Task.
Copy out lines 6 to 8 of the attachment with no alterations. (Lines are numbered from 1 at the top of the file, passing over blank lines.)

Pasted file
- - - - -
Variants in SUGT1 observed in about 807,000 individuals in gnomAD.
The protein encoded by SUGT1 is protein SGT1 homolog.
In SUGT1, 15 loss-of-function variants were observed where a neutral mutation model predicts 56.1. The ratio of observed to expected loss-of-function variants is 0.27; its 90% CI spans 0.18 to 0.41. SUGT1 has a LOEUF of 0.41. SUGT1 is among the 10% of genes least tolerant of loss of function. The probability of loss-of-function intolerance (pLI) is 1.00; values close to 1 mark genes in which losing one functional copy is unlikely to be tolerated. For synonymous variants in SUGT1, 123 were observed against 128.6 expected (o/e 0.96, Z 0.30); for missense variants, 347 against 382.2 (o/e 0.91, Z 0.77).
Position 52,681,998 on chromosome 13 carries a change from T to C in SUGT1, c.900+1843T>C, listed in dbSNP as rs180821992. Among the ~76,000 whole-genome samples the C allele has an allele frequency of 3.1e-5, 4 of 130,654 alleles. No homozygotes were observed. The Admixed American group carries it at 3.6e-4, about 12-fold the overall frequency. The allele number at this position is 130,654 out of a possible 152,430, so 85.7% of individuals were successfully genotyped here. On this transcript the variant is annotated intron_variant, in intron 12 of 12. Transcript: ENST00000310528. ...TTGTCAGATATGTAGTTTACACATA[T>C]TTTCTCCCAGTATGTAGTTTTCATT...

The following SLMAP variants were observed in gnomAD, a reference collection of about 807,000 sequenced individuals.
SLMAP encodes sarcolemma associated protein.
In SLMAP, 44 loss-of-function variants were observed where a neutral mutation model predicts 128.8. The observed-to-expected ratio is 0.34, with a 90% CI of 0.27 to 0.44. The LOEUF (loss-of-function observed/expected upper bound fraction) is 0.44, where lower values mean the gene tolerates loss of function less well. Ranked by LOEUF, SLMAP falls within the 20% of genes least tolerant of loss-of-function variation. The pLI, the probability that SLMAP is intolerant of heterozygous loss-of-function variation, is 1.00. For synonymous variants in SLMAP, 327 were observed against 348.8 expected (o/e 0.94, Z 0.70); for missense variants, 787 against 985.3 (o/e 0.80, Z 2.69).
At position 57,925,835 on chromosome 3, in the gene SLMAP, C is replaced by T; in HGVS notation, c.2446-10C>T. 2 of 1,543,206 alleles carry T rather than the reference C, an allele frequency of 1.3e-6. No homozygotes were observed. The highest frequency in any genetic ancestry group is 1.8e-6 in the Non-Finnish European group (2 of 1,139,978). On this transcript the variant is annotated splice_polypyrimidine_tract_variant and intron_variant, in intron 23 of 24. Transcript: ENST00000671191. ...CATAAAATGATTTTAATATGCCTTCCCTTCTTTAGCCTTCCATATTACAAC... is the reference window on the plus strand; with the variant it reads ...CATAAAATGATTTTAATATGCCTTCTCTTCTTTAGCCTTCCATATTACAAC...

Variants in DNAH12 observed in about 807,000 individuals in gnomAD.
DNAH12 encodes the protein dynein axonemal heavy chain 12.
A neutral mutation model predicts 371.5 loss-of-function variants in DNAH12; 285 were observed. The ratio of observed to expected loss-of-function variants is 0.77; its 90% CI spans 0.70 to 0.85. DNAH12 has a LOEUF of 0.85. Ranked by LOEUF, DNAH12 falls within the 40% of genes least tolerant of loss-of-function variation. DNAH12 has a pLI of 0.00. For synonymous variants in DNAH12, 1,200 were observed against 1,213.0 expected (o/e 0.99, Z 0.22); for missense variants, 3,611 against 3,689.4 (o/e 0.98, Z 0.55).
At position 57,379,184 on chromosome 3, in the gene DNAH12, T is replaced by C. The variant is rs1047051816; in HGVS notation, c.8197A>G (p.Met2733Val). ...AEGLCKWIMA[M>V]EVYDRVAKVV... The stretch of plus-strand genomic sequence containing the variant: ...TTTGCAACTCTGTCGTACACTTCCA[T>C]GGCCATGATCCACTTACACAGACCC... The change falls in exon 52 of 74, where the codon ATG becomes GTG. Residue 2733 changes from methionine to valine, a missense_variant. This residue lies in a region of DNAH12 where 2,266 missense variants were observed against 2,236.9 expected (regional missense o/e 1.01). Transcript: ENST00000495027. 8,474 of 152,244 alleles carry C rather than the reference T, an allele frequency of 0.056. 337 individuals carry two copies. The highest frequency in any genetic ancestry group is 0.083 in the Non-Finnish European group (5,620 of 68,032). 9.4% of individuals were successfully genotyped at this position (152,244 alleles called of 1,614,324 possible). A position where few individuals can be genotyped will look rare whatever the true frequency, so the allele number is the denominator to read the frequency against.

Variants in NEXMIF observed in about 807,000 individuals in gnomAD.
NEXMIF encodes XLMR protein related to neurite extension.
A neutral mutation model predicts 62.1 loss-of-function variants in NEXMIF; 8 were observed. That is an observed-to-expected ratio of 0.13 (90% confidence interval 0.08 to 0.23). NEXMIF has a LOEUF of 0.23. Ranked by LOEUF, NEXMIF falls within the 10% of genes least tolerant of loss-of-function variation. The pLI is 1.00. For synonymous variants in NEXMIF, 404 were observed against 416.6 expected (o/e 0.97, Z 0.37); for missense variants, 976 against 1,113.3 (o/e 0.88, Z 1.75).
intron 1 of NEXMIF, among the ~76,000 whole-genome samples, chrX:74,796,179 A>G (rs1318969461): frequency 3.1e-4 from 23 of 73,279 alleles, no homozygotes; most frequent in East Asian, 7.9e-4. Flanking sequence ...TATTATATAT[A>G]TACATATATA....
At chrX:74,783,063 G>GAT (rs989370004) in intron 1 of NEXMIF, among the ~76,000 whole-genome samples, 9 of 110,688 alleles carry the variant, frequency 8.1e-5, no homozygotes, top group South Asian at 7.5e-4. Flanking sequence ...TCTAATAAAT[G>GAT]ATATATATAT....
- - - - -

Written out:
SLMAP encodes sarcolemma associated protein.
In SLMAP, 44 loss-of-function variants were observed where a neutral mutation model predicts 128.8. The observed-to-expected ratio is 0.34, with a 90% CI of 0.27 to 0.44. The LOEUF (loss-of-function observed/expected upper bound fraction) is 0.44, where lower values mean the gene tolerates loss of function less well. Ranked by LOEUF, SLMAP falls within the 20% of genes least tolerant of loss-of-function variation. The pLI, the probability that SLMAP is intolerant of heterozygous loss-of-function variation, is 1.00. For synonymous variants in SLMAP, 327 were observed against 348.8 expected (o/e 0.94, Z 0.70); for missense variants, 787 against 985.3 (o/e 0.80, Z 2.69).
At position 57,925,835 on chromosome 3, in the gene SLMAP, C is replaced by T; in HGVS notation, c.2446-10C>T. 2 of 1,543,206 alleles carry T rather than the reference C, an allele frequency of 1.3e-6. No homozygotes were observed. The highest frequency in any genetic ancestry group is 1.8e-6 in the Non-Finnish European group (2 of 1,139,978). On this transcript the variant is annotated splice_polypyrimidine_tract_variant and intron_variant, in intron 23 of 24. Transcript: ENST00000671191. ...CATAAAATGATTTTAATATGCCTTCCCTTCTTTAGCCTTCCATATTACAAC... is the reference window on the plus strand; with the variant it reads ...CATAAAATGATTTTAATATGCCTTCTCTTCTTTAGCCTTCCATATTACAAC...